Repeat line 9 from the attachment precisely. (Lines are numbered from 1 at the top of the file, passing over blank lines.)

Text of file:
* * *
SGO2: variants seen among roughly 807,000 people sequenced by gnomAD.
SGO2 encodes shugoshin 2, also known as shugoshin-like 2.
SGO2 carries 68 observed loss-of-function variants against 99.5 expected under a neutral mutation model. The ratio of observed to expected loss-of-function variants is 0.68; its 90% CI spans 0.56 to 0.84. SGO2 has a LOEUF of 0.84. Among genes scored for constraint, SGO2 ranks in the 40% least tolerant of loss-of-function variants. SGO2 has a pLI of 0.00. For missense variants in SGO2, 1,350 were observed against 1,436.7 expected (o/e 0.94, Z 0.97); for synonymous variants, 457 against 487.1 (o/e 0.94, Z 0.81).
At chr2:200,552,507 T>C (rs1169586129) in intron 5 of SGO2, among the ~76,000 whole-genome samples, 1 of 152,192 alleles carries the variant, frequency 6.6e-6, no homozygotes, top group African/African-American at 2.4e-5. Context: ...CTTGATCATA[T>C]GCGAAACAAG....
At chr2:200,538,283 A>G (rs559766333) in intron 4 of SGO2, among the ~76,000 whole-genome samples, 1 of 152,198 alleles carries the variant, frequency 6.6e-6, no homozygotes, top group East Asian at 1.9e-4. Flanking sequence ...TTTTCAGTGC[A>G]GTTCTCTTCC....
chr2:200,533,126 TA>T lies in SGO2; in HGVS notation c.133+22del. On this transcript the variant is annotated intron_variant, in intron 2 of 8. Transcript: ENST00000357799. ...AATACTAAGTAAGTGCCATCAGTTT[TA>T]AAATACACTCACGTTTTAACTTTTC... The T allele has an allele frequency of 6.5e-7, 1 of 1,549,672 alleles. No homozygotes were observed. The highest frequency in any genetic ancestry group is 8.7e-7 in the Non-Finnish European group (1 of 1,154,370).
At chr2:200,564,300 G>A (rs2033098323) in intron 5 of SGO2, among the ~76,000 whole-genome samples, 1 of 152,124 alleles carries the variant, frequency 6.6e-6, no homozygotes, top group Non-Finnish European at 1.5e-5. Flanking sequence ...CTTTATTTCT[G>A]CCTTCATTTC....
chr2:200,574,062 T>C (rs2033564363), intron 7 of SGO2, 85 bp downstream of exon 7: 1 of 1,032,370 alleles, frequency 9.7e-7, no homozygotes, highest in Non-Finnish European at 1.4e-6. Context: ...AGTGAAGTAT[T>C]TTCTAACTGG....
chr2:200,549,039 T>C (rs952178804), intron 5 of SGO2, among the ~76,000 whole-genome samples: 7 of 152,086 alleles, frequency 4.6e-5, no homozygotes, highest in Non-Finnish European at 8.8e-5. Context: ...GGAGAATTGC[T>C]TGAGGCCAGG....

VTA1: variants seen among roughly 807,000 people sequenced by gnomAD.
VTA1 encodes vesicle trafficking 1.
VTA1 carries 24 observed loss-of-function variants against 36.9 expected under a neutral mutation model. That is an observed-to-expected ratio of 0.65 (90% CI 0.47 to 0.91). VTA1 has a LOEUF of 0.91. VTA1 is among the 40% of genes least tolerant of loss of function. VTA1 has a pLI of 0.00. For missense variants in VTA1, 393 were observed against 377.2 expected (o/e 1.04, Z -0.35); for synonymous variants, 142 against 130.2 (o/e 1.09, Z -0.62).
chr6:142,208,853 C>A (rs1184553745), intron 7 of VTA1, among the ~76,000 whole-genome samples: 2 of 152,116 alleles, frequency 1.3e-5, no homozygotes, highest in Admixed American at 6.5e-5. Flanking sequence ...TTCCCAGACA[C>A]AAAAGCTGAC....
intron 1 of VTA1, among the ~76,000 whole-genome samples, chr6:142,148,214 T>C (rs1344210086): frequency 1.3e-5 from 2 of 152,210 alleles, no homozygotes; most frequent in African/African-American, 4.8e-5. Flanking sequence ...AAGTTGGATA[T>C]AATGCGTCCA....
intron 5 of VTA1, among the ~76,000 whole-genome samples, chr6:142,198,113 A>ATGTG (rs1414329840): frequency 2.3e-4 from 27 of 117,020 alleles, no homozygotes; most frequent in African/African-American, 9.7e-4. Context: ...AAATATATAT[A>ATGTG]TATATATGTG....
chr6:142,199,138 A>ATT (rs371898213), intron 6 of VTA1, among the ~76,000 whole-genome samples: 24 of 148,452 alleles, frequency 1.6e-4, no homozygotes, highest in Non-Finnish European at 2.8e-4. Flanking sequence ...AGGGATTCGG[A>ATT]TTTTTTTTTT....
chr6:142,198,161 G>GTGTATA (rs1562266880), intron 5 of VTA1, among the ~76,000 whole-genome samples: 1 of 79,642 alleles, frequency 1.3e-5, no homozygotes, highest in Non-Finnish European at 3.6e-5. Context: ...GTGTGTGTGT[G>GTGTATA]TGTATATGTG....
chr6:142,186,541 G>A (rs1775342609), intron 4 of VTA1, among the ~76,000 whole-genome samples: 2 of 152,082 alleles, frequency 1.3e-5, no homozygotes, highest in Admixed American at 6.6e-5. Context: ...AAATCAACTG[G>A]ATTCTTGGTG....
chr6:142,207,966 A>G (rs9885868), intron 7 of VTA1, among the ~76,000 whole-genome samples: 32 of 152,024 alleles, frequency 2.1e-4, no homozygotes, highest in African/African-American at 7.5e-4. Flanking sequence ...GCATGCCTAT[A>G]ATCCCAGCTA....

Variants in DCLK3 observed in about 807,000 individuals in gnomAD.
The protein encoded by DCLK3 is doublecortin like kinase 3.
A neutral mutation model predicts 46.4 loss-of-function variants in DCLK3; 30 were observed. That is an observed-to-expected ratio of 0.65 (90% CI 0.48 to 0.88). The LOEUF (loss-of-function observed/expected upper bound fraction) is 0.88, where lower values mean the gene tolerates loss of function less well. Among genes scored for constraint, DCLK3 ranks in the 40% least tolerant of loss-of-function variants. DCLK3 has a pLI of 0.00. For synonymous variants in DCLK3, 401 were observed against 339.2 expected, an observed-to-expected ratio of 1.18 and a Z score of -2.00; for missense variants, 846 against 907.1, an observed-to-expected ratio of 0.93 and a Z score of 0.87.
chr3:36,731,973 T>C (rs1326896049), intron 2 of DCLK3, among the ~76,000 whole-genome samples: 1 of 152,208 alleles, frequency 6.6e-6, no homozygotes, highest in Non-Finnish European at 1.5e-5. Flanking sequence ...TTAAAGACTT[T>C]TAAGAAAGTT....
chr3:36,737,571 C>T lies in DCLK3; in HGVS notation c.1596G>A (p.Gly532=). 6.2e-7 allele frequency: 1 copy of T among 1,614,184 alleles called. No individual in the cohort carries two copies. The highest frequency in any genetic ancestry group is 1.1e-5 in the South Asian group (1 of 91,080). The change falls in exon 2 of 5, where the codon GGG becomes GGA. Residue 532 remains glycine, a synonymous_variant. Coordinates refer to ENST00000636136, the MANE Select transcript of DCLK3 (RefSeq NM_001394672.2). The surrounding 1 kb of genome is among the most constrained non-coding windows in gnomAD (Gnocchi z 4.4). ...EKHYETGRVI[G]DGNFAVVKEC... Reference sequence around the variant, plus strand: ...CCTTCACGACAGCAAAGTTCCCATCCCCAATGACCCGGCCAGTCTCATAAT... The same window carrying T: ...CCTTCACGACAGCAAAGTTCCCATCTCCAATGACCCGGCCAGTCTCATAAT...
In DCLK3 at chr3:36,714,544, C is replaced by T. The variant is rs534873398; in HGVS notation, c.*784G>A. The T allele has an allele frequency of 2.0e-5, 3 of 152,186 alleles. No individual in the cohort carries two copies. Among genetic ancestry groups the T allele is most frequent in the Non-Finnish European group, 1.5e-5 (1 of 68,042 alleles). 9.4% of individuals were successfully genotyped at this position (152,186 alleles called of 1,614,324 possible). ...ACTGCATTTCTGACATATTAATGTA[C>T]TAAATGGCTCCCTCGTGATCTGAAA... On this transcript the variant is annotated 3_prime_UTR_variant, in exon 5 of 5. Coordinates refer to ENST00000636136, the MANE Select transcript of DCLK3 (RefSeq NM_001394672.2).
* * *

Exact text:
chr2:200,549,039 T>C (rs952178804), intron 5 of SGO2, among the ~76,000 whole-genome samples: 7 of 152,086 alleles, frequency 4.6e-5, no homozygotes, highest in Non-Finnish European at 8.8e-5. Context: ...GGAGAATTGC[T>C]TGAGGCCAGG....